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One in ten private landlords have no formal tenancy agreement with their tenants

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Research which has been complied by one of the companies which provides insurance for landlords, Direct Line, has revealed that one in ten private landlords do not have a formal tenancy agreement in place with their tenants. It appears that an alarming amount of contracts in place are not actually legally compliant, leaving tenants lacking any real protection when it comes to their tenancies. It is important that as a tenant you have a contract in place to protect your interests and make it clear what is expected from you when renting a property.

The figures further reveal that of those landlords who do not use a letting agent to rent out their properties, 58% used adapted tenancy agreements, which either came from other landlords or were found online. A common theme according to this research is that such landlords use a letting agent when they first rent out a property, but then to save costs, cut their ties with the letting agent, choosing instead to use the contract template which they have been given for future rentals or for tenancy renewals. The result of this being that 13% of landlords have had problems with tenancy disputes within the last two years.

It is also alarming that 9% of landlords have not informed their tenants that their deposit is being held in a government-backed tenancy deposit protection scheme (TDP), despite the fact that this has been a legal requirement since 2007. Your Landlord must put your deposit in a TDP if you rent your home on an assured shorthold tenancy and this tenancy started after 06 April 2007. They must do this within 30 days of receiving your deposit and they must also provide you with information about the scheme being used.

A court can order your landlord to pay you compensation if you're an assured shorthold tenant and your landlord fails to protect your deposit in a TDP, doesn't give you the required information about the scheme being used or takes too long to protect your deposit or give you the required information. The amount of compensation which can be awarded can be up to 3 times the value of your deposit. The court can also order your landlord to repay your deposit or protect it in a TDP. You can make a claim for compensation before or after your tenancy has ended.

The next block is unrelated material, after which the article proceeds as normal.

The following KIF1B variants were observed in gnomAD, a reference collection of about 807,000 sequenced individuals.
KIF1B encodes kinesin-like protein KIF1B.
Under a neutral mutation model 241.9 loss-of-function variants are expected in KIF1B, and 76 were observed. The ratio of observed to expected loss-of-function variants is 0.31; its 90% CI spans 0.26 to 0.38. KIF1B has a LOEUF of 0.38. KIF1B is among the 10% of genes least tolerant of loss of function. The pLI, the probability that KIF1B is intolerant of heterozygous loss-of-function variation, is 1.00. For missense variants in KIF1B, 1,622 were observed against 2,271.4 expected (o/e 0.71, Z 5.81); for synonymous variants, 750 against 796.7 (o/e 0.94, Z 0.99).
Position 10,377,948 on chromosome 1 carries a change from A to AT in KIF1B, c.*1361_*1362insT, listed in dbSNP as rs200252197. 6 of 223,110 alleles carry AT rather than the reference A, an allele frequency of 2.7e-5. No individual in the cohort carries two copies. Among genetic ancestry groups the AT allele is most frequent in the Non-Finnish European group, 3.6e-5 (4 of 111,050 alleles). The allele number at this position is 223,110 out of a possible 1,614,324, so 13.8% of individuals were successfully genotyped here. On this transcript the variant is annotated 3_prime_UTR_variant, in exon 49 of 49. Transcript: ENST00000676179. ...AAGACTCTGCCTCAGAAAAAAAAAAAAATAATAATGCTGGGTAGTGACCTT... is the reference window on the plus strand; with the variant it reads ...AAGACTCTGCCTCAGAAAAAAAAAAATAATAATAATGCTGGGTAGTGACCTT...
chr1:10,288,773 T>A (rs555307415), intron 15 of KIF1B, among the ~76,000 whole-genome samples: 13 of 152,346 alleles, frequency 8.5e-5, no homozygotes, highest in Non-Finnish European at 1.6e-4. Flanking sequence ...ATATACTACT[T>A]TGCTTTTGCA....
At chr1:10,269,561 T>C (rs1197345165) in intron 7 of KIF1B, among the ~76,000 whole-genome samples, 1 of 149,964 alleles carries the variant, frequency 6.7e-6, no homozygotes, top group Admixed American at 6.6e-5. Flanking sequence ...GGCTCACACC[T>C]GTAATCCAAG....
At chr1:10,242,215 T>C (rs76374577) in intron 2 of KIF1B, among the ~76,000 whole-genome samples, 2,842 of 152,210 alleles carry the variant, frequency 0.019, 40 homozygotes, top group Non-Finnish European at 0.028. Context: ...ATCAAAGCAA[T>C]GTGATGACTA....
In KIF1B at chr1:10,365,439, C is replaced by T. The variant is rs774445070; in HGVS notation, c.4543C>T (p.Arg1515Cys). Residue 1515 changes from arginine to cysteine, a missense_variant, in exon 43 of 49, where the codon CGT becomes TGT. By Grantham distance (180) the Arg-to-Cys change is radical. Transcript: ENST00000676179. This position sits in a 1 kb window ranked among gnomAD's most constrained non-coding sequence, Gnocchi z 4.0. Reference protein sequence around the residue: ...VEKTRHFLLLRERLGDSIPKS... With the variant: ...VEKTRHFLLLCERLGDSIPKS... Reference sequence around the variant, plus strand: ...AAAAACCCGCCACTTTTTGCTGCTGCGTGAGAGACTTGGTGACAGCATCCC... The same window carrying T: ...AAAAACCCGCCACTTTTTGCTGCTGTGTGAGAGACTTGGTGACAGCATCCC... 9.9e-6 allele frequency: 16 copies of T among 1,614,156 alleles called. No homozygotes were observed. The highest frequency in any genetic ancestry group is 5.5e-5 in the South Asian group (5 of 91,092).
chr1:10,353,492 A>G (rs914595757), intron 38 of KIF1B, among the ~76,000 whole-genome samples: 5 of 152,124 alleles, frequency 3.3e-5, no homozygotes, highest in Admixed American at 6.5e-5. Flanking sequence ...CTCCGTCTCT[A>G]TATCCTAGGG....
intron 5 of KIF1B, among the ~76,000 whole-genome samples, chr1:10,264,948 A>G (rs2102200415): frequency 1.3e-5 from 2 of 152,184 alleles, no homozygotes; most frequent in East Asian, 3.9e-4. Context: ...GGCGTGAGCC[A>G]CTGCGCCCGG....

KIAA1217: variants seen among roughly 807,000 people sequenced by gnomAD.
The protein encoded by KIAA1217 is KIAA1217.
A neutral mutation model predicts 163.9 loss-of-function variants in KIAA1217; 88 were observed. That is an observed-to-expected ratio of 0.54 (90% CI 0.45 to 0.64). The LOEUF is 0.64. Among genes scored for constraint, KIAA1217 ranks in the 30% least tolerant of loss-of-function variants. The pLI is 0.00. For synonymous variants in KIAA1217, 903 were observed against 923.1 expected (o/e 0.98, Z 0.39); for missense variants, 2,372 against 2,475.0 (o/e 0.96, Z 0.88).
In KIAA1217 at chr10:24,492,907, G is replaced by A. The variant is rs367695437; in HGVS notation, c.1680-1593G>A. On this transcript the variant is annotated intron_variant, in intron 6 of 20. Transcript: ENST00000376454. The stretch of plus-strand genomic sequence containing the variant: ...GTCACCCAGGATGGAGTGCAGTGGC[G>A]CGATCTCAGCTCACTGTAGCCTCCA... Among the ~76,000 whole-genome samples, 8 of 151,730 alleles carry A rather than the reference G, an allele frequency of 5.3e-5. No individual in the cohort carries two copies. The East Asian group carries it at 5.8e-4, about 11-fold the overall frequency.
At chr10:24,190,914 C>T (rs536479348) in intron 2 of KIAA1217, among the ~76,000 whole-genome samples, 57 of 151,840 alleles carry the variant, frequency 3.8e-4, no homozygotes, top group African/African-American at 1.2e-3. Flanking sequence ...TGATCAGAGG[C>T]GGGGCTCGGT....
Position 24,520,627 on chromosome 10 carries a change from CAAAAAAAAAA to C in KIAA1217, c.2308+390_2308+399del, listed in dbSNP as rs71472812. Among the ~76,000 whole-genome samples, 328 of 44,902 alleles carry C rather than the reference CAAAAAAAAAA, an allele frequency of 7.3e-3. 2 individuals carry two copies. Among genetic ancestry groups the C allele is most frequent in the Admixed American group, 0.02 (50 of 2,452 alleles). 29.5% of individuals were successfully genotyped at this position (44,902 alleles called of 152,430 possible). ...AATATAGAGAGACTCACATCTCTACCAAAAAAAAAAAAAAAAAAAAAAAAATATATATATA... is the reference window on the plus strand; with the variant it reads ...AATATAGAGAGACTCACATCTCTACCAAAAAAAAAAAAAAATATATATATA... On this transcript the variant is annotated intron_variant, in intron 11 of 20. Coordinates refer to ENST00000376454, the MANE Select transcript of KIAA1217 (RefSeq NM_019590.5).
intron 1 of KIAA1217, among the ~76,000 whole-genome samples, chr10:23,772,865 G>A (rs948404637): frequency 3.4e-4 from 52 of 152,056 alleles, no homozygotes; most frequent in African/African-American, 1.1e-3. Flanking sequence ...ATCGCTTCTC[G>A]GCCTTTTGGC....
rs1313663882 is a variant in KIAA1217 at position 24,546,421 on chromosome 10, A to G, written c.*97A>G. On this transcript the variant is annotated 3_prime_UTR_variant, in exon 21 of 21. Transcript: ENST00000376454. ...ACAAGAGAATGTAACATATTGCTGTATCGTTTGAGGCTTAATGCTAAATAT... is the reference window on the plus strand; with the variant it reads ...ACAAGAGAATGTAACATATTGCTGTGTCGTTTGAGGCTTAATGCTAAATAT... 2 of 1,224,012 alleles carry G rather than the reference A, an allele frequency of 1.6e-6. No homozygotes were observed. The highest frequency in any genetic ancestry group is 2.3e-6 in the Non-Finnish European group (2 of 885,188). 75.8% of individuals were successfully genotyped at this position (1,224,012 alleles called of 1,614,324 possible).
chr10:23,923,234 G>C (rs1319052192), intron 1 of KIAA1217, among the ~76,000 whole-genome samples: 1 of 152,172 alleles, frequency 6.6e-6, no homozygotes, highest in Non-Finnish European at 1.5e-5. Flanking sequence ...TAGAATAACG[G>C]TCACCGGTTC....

However, most importantly, if your landlord tried to end your tenancy by using a section 21 Notice, this would not be valid if your deposit hadn’t been protected in a TDP, your deposit was protected more than 30 days after you paid it or if your landlord hadn’t given you the required information about the scheme they had used. This means that if your landlord started court proceedings to evict you, you would be able to defend the proceedings on the basis that the notice was invalid, meaning that you could not be evicted from your home.

Your landlord would have to refund your deposit or protect it in a scheme before they could then serve you with a new section 21 Notice, which would be valid.

If you receive any type of notice from your landlord or any court papers, it is important to seek specialist legal advice from a housing solicitor as early as possible. Stephensons have a dedicated housing department who can offer specialist advice and assistance.